Some health plans really NEEDED to be eliminated, as they were little more than fraud.

Comment: Re:Should be legal, with caveat (Score 1) 961

by Ereth (#45531175) Attached to: Why Scott Adams Wished Death On His Dad

My mother had cancer. While visiting in my home, she had a stroke, which put her into a coma about an hour later. We called 911, went to the hospital where we were told she would never awaken from that coma. She had a "no extraordinary measures" clause in her living will. The hospital honored it, and so did my father and my sister and myself. We knew within minutes of arriving at the hospital that my mother would never leave the hospital alive. She would never again open her eyes. She would never say any more words. In fact, when I asked the doctor if there was any chance she would awaken, he informed me that they were giving her medication to ensure she didn't, because her organs were shutting down and she'd be in terrible pain if she were to awaken.

So, all of that, guaranteed that this was her end, she was going to die, right then and there, and we still had to sit there and listen to her moan for 18 HOURS. 18 hours of watching, waiting for her final breath, and there wasn't anything we could do to ease her passing.

This wasn't "terminal illness, you'll die in six months", this was "you'll die sometime in the next few hours" and it was STILL illegal to make her passing easier, not only for her, but for her family.

My 18 hours is nothing compared to what Scott Adams had to deal with, and it didn't cost us $8,000/month, but the feeling is the same. When my dog had kidney failure I took him in, we gave him a shot, and he passed quickly and mostly painlessly. Why couldn't we have done the same for my mother? Why did she have to endure 18 hours of waiting for her organs to fail? Why did we have to watch, unable to help?

I understand the law is there to prevent people from dying when they've just been diagnosed, but there comes a point where the only thing left is to die, and we should be able to make it easier on the dying, and on their loved ones. It is a crime against humanity that we cannot.

Comment: The time has come to move forward (Score 4, Insightful) 253

by Ereth (#44231661) Attached to: The Air Force's Love For Fighter Pilots Is Too Big To Fail

As a former Naval Aircrewman, and an all around "flying is awesome" kind of geek (I knew I wanted to fly when I was 3), I have to say I understand the reticence. Flying is awesome. It's hard to give up something you love doing.

At the same time, the cost-benefit analysis is swinging/has swung towards unmanned craft. They can have performance envelopes that won't allow a human inside. They can have significant cost savings in not having to protect the human inside.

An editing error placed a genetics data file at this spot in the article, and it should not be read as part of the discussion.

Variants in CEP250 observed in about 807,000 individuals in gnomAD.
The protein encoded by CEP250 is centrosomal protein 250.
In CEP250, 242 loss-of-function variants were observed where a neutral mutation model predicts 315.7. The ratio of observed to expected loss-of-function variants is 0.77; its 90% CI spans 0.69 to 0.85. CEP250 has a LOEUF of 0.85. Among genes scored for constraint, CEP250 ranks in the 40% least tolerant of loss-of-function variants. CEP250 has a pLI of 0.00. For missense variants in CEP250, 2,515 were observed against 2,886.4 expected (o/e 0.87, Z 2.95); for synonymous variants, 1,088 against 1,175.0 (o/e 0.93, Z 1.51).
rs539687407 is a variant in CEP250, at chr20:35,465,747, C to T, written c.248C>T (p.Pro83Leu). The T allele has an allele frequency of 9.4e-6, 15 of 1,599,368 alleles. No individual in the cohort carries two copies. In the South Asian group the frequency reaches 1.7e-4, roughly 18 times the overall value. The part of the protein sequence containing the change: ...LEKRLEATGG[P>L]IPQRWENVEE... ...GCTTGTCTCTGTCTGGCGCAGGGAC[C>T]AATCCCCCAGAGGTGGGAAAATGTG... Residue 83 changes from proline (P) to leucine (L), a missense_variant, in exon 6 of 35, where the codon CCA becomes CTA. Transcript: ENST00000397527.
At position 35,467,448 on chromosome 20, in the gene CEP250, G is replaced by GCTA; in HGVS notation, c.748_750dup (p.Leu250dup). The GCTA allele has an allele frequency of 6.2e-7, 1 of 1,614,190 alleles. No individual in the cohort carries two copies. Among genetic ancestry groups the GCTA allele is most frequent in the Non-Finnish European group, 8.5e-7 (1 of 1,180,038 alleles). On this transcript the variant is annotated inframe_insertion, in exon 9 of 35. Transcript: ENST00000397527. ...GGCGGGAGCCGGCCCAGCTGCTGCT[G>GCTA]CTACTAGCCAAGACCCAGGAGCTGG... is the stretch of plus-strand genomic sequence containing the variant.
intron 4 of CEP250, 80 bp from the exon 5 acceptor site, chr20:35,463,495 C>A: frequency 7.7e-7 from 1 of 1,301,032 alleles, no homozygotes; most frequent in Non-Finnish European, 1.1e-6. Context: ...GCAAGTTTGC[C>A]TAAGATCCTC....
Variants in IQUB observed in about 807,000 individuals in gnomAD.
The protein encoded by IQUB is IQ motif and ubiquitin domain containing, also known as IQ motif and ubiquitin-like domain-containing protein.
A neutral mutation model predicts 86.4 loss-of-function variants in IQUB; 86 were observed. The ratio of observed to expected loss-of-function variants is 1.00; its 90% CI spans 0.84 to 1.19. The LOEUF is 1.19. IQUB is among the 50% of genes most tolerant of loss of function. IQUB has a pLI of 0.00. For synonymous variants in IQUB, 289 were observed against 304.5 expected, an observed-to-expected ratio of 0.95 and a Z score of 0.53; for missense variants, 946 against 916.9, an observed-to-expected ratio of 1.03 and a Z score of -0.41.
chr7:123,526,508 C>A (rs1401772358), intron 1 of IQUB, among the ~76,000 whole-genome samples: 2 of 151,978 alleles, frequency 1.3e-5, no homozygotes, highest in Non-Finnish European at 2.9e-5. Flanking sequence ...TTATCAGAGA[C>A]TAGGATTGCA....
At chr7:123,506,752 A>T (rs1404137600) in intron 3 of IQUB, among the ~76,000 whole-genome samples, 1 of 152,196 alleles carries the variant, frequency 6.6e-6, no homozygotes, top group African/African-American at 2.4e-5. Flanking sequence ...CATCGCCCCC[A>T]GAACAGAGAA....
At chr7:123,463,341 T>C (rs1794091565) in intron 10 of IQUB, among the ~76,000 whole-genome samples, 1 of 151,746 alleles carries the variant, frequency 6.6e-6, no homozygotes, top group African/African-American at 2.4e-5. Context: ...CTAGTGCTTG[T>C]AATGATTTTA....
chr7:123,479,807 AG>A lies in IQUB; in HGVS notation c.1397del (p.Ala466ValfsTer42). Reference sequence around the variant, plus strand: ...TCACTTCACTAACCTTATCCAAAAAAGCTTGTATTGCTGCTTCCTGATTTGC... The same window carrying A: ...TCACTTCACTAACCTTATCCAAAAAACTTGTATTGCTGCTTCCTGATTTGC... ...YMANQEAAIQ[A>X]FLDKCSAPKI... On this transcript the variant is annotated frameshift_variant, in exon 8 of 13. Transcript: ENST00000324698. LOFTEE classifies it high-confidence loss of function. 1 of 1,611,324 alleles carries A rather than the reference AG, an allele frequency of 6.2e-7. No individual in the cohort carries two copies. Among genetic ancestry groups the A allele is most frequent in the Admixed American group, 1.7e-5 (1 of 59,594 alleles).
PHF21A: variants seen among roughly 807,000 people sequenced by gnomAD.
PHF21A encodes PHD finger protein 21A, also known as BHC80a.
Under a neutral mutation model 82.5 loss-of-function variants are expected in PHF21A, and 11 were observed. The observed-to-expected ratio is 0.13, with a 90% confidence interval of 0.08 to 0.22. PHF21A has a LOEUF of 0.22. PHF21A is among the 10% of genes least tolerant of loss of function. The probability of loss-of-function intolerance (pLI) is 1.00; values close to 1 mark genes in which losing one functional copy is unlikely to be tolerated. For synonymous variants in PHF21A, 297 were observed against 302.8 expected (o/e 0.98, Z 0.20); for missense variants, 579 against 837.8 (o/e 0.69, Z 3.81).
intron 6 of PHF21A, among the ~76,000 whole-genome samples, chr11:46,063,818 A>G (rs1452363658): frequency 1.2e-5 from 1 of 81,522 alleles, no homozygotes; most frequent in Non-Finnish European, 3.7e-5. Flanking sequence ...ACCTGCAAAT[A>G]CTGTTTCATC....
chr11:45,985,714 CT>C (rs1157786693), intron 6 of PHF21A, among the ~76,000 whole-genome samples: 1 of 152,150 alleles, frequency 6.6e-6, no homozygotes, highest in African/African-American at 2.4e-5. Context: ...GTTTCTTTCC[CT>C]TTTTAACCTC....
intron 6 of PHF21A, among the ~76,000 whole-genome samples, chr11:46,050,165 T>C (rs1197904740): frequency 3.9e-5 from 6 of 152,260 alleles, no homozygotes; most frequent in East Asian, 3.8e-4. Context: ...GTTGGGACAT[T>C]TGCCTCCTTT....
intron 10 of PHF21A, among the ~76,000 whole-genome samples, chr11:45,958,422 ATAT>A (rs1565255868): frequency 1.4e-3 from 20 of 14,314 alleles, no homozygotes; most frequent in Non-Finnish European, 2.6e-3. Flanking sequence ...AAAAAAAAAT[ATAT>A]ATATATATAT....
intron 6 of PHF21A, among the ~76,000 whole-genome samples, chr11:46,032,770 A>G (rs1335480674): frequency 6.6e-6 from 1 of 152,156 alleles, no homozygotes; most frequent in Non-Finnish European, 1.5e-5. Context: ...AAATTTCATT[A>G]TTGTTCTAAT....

Situational Awareness is big, but we do that with the Electronic Battlefield now. Some years ago I was very much in the "you'll never replace a pilot in the cockpit" side of the argument. Now.. I think the F-35, a fighter I so desperately wanted, should be eliminated, and replaced with drones. Times change. Technology changes. We all love the Sopwith Camel and the P-51, but you wouldn't use either one in a modern war.

It's going to be a difficult political move, but it's the right move, long term. And it took me many years before I could say that without gritting my teeth first. :)


Thousands of Blackbirds Fall From Sky Dead 577

Posted by samzenpus
from the silent-spring dept.
Dan East writes "In a fashion worthy of a King or Hitchcock novel, blackbirds began to fall from the sky dead in Arkansas yesterday. Somewhere between 4,000 and 5,000 birds rained down on the small town of Beeb, Arkansas, with no visible trauma. Officials are making wild guesses as to what happened — lightning strike, high-altitude hail, or perhaps trauma from the sound of New Year's fireworks killed them."

Comment: Re:It's not Mac vs Windows, it's Windows vs Unix (Score 1) 424

by Ereth (#34652704) Attached to: Why Android Is the New Windows

Considering that Unix is STILL dominant in the Datacenter I think your argument that "The window for Unix closed when the 386 processorr[sic], Windows NT and the client-server model enabled developers to do similar things with a PC that could only be done with a minicomputer or Unix box before" is totally flawed.

You are probably unaware that major commercial vendors made their products for desktop Unix for many years. WordPerfect, for example, which at the time was the most dominant word processor on the planet, made versions for many Unixes, including SCO, and several other x86 Unix products that existed at the time. These major vendors left the market because of fragmentation.

No less than John Carmack has complained about the problems developing for Android vs the ease of developing for iOS. Feel free to ignore history, but having lived through it, I see it playing out again.

Comment: It's not Mac vs Windows, it's Windows vs Unix (Score 1) 424

by Ereth (#34634332) Attached to: Why Android Is the New Windows

There has been a lot of discussion of late comparing the Apple iOS market and the Android market to the battle between Windows and MacOS many years ago. I think this comparison is misleading, and I think people looking at todays "OS Wars" would do well to remember the "OS Wars" of yesterday.